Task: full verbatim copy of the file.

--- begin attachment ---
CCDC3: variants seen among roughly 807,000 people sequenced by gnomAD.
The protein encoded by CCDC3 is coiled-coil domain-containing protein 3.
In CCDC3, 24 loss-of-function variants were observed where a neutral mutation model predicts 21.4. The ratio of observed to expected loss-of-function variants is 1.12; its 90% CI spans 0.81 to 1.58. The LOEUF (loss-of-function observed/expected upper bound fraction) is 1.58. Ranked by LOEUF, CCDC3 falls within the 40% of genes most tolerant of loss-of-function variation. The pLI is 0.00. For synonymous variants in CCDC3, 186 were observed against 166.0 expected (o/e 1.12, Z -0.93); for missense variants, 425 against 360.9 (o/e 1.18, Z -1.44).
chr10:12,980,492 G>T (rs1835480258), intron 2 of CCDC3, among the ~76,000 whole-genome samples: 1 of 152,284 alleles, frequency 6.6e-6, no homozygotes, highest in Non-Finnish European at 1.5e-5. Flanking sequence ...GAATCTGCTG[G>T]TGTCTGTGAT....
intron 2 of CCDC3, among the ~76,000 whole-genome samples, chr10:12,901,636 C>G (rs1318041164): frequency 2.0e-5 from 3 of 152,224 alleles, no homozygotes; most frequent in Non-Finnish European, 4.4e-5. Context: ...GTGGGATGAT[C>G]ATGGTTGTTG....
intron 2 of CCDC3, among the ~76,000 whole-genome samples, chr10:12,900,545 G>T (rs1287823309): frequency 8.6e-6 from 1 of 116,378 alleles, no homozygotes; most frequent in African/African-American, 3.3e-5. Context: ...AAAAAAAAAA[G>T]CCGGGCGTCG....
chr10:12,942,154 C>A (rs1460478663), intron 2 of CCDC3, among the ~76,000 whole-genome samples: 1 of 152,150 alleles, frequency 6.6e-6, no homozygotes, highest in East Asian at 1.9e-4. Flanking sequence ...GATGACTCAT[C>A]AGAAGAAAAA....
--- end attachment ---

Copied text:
CCDC3: variants seen among roughly 807,000 people sequenced by gnomAD.
The protein encoded by CCDC3 is coiled-coil domain-containing protein 3.
In CCDC3, 24 loss-of-function variants were observed where a neutral mutation model predicts 21.4. The ratio of observed to expected loss-of-function variants is 1.12; its 90% CI spans 0.81 to 1.58. The LOEUF (loss-of-function observed/expected upper bound fraction) is 1.58. Ranked by LOEUF, CCDC3 falls within the 40% of genes most tolerant of loss-of-function variation. The pLI is 0.00. For synonymous variants in CCDC3, 186 were observed against 166.0 expected (o/e 1.12, Z -0.93); for missense variants, 425 against 360.9 (o/e 1.18, Z -1.44).
chr10:12,980,492 G>T (rs1835480258), intron 2 of CCDC3, among the ~76,000 whole-genome samples: 1 of 152,284 alleles, frequency 6.6e-6, no homozygotes, highest in Non-Finnish European at 1.5e-5. Flanking sequence ...GAATCTGCTG[G>T]TGTCTGTGAT....
intron 2 of CCDC3, among the ~76,000 whole-genome samples, chr10:12,901,636 C>G (rs1318041164): frequency 2.0e-5 from 3 of 152,224 alleles, no homozygotes; most frequent in Non-Finnish European, 4.4e-5. Context: ...GTGGGATGAT[C>G]ATGGTTGTTG....
intron 2 of CCDC3, among the ~76,000 whole-genome samples, chr10:12,900,545 G>T (rs1287823309): frequency 8.6e-6 from 1 of 116,378 alleles, no homozygotes; most frequent in African/African-American, 3.3e-5. Context: ...AAAAAAAAAA[G>T]CCGGGCGTCG....
chr10:12,942,154 C>A (rs1460478663), intron 2 of CCDC3, among the ~76,000 whole-genome samples: 1 of 152,150 alleles, frequency 6.6e-6, no homozygotes, highest in East Asian at 1.9e-4. Flanking sequence ...GATGACTCAT[C>A]AGAAGAAAAA....